Uganda’s only Grammy Award winner pastor George Okudi has ripped into fellow singer Eddie Kenzo for proclaiming greatness over deceased Ugandan music legend, Philly Bongoley Lutaaya.
Okudi, the 2003 east African male artiste and 2003 African male artiste of the year made the scathing attack on Mr. Kaana ka Mbaata in a scathing interview on Farouk Sarkhozy’s youtube channel.
Speaking from his base in the US, Okudi scoffed at Kenzo’s claim that he is a bigger artiste than the late Philly by virtue of his songs having more social media views and likes than Lutaaya’s.
Kenzo made the claim while responding to critics who scorned him for murdering his remake of late Philly Lutaaya’s monster classic, ‘Born in Africa’.
Reacting to the criticism, Kenzo assured his haters that he’s currently Ugandan music’s biggest export to the entire globe, a feat Lutaaya never achieved in his lifetime.
Kenzo based his argument on social media popularity, saying that unlike Lutaaya’s original song which has just about 1 million views, his (Kenzo) songs have in excess of 100 million views/likes each on Youtube and Facebook.
Pr. Okudi Goes Politically Savage
However, Kenzo’s remarks rubbed many people the wrong way, with many berating him for disrespecting a man whose music has remained eternal decades after his death in December 1989.
Music critics, artistes, producers and others have trashed Kenzo, with general consensus having it that the greatness of Lutaaya’s song is the same reason Kenzo was forced to jump onto it.
The latest to board the critics’ bandwagon have been music greats pastor George Okudi and Dr. Jose Chameleone who advised kenzo not to mix social media numbers in his talk about Lutaaya.
On his part, Wipolo singer and double Kora Award winner Pastor Okudi urged Kenzo to show some respect to greats like Lutaaya and him due to their ability to sing original music without the aid of technological aids like auto tune.
He then demystified the theory of social media numbers, calling them fake since they can be bought. Okudi narrated that he has also been enticed to buy social media views and likes so that his songs can appear more popular than actually they are.
In fact, to stress his point, Okudi went savage, likening Kenzo’s music likes to NRM electoral results which are usually doctored to give victories to actual losers.
“I was also approached and told to pay some money so that they could give me a million views for my song overnight. So, those likes are Ugandan electoral votes. You go to sleep with different results and then you wake up with different vote numbers. Those are Kenzo’s like,” Okudi said. He added that the difference between Kenzo and Lutaaya’s likes is that the former’s are fake while Lutaaya’s are organic. Okudi advised Kenzo to fire his producer for doing a very bad job on what he called a ‘karaoke’ song!
Kenzo Is Frustrated — Chamili
Echoing Okudi’s opinion, Chameleone advised Kenzo to desist from chest-thumping over sovail media views, arguing that it is known that they can be doctored these days.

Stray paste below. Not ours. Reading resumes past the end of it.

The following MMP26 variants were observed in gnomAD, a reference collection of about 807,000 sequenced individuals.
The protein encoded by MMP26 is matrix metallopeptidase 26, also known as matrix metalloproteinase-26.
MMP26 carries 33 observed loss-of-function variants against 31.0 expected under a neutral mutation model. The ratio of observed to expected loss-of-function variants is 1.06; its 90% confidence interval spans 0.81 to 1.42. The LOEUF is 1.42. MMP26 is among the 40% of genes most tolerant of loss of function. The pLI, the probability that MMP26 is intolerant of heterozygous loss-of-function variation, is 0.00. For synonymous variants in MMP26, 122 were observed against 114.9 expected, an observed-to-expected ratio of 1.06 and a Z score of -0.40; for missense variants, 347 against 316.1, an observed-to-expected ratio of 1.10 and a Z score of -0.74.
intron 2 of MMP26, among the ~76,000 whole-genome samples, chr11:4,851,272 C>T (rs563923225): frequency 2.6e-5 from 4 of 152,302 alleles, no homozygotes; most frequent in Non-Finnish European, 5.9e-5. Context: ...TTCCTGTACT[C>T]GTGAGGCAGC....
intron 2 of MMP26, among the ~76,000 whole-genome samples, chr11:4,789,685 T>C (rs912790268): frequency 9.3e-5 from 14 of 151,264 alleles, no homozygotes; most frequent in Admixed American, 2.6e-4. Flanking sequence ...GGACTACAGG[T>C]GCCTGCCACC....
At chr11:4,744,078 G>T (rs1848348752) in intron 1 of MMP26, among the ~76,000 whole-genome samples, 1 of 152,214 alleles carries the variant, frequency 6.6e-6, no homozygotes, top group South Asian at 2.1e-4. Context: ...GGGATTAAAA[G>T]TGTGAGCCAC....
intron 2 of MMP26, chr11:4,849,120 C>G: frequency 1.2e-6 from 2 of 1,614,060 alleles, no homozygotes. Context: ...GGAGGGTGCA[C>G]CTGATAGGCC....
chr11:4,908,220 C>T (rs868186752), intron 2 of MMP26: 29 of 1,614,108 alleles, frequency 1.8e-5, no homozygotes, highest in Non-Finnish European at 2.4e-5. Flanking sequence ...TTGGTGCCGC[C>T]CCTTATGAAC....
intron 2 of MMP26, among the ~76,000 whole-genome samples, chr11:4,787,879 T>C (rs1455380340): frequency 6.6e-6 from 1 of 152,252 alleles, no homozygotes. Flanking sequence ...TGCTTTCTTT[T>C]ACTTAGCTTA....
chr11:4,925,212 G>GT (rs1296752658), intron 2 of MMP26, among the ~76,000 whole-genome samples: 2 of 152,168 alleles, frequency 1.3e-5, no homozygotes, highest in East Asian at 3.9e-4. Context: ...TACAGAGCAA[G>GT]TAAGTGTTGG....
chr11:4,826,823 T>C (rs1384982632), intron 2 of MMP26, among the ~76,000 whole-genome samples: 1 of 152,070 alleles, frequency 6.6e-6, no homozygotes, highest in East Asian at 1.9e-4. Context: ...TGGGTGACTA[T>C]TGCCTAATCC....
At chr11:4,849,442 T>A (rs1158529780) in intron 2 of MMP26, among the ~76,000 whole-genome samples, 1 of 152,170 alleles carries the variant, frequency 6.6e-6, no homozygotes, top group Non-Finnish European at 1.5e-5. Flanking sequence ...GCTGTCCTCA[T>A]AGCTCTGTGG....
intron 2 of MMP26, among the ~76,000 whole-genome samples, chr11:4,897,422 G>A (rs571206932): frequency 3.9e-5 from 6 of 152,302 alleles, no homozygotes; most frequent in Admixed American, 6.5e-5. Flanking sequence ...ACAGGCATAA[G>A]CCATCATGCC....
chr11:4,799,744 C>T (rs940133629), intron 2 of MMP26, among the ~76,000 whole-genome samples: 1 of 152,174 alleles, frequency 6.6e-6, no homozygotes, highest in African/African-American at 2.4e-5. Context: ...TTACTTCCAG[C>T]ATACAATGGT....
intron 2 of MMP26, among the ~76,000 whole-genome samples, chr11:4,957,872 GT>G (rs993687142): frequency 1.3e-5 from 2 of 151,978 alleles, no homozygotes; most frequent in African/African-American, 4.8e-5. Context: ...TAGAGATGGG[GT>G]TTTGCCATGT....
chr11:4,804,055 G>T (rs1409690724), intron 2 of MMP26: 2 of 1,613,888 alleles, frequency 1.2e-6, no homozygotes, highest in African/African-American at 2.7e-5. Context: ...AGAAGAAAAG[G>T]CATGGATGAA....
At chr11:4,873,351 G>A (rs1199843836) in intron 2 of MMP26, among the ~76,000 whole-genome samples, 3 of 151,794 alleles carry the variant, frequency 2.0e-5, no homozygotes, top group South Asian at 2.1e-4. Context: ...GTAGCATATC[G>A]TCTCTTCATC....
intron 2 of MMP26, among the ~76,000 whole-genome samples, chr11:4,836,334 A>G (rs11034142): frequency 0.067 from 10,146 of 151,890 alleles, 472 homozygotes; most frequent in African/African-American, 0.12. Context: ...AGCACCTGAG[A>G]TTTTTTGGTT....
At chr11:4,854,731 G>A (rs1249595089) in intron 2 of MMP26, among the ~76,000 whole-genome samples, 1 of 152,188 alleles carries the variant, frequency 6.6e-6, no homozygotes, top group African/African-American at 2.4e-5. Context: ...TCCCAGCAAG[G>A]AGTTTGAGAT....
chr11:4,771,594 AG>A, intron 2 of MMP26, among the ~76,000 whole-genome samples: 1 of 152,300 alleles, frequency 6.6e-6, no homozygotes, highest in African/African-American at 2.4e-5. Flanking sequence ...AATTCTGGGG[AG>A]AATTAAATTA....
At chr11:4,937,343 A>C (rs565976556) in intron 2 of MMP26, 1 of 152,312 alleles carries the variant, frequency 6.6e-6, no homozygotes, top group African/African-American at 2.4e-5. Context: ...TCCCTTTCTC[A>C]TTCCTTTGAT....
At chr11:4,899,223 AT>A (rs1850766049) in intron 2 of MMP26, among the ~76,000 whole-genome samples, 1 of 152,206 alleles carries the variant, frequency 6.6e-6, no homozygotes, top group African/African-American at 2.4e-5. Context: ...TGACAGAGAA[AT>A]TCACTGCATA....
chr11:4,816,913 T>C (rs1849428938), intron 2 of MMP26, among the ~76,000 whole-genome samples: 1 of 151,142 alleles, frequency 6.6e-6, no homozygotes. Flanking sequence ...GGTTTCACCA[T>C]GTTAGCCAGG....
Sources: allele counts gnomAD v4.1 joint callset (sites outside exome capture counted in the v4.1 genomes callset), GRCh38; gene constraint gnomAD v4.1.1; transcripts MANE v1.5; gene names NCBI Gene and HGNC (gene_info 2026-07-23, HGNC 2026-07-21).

Chameleone also termed the Philly-Kenzo comparison a total mismatch given that the two musicians sang in different eras.
“Philly was not digital generation… you don’t bring (digital) numbers to a generation which wasn’t digital,” Chemeleone said. The Leone Island legend added that Philly’s greatness manifests in the fact that he managed to hit global heights in an era when it was very hard to market music unlike today when digital technology and social media have made it very easy to market music — including using deceptive numbers techniques.
Chameleone also reminded Kenzo that to date Philly’s music has remained eternal and keeps resurrecting every year despite the man having died decades ago.
“I’ll give you a scenario; I also sang a Christmas album but every year people listen to Philly’s Christmas music album without anyone promoting it or forcing them to. That therefore defeats the argument of numbers,” Chamili said.
To debunk the myth of numbers, Chameleone went down memory lane to explain the hustle of marketing music in the analogue era and the ease of modern digital music marketing techniques which have bred deceptive greatness.
“During our generation Kasiwukira would load a truckful of Ugandan music and drive through Mwanza, Zambia, Mozambique up to South Africa selling it. He would then return with South African music (meaning only the best work made it out of the country. But today the digital technology has made it possible for musicians to buy likes and views and followers on facebook and youTube,” he said. He then urged the public not to be shaken by musicians who brag about their songs trending with likes and views.
“Personally I know how they buy these social media likes, views and followers but I just can’t engage in such as I prefer organic growth.”
Chamili’s Final Verdict
Giving his final verdict, Chamili urged Kenzo not to dare compare himself to Philly, saying it is a big challenge that Philly’s music is trending on today’s digital space yet he died way before it evolved. However, Chameleone was quick to defend Kenzo, saying he could have been forced by frustration to make the spiteful comparison.
“One thing about Ugandans is that they like putting down their own instead of encouraging them. We have all suffered such negativity and I know how frustrating it is; possibly, my brother Kenzo is feeling the same,” Chamili explained. The music doctor closed his remarks by prescribing positivity for Eddie Kenzo.
“I must be the most negatively talked about musician in Uganda; they’ve called me a murderer, chameleon and all other bad things apart from rapist. I however always ignore the pessimists and cynics and concentrate my energies on those who love me. I just want to encourage my friend Kenzo to do that,” Dr. Chameleone advised.